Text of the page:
As one might expect, on-course accolades abounded as well. Busse was named after the season to the Michigan Interscholastic Golf Coaches Association all-state Super Team, while Veronica Haque made the first team and Savannah Haque and Erika Yang earned honorable mentions.
“If we didn’t win, it seemed like the year was going to be a failure, and it’s hard to play like that,” Haney said. “And the other thing for which I give the girls credit, they played the whole season with everybody telling (them they were) the best team, and it was a lot of pressure. I felt it, and I’m sure the girls felt it, and to me (winning) was as much a relief as I was excited.”
Past Teams of the Month, 2016-17
September: Breckenridge football - Report
PHOTOS: (Top) Brooke Busse watches a drive during this season’s Division 1 Final at Forest Akers East. (Middle) The Falcons line-up during the second day of the Final, from left: Keri Yang, Savannah Haque, Brooke Busse, Veronica Haque and Erika Yang. (Click to see more from HighSchoolSportsScene.com.)
ADRIAN – Avery Sluss picked up a golf club for the first time her freshmen year at Adrian Lenawee Christian. Now she’s an all-state golfer.
Sluss started playing basketball because it was a way for her and her older brother, Gavin, to connect. She’s now the leading scorer on the Cougars basketball team a year after receiving all-state recognition.
Everything she touches seems to turn to gold. She will return to the soccer field in the spring already with her college plans in place. She signed recently to play goalkeeper at Indiana Wesleyan University.
“I’ve learned so much from sports,” Avery said. “It teaches me a lot about life.”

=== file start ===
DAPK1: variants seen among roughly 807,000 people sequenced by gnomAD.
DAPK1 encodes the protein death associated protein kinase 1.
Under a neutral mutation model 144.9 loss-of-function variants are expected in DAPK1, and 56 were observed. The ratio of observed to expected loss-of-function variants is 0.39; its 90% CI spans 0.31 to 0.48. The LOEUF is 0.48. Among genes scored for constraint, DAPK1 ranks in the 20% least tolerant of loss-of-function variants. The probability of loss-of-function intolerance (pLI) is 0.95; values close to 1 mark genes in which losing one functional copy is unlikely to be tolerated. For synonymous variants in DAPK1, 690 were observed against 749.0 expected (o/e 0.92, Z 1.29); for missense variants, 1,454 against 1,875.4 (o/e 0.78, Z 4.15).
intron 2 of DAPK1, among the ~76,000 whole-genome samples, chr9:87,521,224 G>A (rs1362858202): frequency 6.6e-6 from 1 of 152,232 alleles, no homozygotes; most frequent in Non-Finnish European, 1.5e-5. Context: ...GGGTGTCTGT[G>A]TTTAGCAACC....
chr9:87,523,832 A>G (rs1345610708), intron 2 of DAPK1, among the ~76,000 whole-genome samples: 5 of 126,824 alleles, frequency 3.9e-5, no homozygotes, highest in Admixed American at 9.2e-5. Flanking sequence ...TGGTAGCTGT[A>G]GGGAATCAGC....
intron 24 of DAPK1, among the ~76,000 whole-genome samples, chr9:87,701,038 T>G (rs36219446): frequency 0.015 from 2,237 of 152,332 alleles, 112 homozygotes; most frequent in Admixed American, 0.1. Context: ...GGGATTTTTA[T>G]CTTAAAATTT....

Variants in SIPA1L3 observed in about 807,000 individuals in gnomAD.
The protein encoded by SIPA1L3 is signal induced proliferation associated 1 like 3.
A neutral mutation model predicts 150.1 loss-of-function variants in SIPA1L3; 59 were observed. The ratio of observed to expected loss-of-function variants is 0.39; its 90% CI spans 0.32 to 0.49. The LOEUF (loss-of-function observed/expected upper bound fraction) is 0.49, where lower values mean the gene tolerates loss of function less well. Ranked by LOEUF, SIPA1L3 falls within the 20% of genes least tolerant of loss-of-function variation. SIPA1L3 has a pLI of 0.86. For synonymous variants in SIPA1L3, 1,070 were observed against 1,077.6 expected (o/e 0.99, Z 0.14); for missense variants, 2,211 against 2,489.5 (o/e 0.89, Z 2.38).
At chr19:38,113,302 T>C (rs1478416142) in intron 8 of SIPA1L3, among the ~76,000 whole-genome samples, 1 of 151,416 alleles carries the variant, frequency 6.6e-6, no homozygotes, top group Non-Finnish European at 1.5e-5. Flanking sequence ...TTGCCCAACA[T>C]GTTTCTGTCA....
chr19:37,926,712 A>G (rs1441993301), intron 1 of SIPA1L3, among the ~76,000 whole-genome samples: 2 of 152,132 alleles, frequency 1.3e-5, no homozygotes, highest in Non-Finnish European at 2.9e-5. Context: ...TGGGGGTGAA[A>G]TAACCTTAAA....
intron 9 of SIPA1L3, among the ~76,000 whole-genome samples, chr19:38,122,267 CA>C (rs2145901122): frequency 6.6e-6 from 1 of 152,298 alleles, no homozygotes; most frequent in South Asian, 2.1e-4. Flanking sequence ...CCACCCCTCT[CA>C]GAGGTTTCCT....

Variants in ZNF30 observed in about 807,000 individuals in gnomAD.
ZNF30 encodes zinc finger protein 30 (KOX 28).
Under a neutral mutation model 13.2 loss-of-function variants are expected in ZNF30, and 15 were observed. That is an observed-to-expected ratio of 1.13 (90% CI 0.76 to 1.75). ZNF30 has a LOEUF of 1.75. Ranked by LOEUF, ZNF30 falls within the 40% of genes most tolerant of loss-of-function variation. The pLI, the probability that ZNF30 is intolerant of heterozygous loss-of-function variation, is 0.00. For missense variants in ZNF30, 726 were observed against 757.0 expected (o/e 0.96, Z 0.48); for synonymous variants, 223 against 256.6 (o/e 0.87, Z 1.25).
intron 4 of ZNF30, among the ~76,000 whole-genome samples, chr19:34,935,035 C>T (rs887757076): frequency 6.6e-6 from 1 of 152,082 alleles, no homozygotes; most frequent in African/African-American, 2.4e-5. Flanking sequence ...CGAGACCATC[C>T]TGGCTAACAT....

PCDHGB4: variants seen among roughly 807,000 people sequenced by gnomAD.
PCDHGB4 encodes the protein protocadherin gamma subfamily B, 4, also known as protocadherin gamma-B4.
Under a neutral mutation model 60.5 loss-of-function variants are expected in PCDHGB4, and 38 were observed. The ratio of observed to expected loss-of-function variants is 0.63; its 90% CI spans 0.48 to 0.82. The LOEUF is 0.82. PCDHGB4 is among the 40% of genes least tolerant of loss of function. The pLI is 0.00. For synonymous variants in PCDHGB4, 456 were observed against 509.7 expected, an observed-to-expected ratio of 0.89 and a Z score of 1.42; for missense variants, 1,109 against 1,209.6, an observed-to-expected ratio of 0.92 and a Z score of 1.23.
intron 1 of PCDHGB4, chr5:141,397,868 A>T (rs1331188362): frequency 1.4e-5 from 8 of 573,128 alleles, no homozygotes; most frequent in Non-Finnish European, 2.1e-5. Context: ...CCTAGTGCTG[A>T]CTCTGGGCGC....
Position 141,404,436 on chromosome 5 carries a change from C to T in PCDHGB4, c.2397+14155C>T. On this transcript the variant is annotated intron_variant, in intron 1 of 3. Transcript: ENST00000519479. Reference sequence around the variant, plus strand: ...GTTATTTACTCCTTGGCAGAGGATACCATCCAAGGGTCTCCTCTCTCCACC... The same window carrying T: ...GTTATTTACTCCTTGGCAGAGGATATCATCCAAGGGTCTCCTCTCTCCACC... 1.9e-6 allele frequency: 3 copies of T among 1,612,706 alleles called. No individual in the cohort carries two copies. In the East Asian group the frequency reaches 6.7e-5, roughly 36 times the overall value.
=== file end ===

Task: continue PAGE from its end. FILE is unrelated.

Her coaches call her a self-motivated athlete, quiet leader and someone dedicated to her faith, her teammates, and academics. She is a 4.0 student and has played four years of varsity golf, basketball, and soccer. She’s earned all-state recognition in all three sports.
“She is very self-motivated,” said first-year Lenawee Christian girls basketball coach Emilie Beach. “She doesn’t miss workouts or practices. She pushes herself hard. She forces others to rise (around her).”
Sluss is in her fourth season on the Lenawee Christian varsity basketball team. This year her role changed from mostly a defensive specialist to scorer.
Beach said Avery hasn’t changed her positive attitude with the changes in her role on the team. She has a high basketball IQ, Beach said, which helps her on the court.
“It can be tough and frustrating, but she comes in with a great attitude each day and leads her teammates,” Beach said. “She is a quiet leader who leads by example. She is hardest on herself, and that’s where a lot of her motivation comes from.”
The Cougars have had great success on the basketball floor the last several years, and Sluss has been part of it. She’s played alongside all-staters and played at the Breslin Center. She started and played 20 minutes in last year’s Semifinal loss to Plymouth Christian Academy.
This season she’s averaging 14.5 points a game, with 16 3-pointers, and has scored at least 17 points four times.
“It’s very different, but I like the role I’m in now,” she said. “Now, it’s like you have to score. I’ve accepted it. I’m just trying my best to fulfill that role for my teammates.”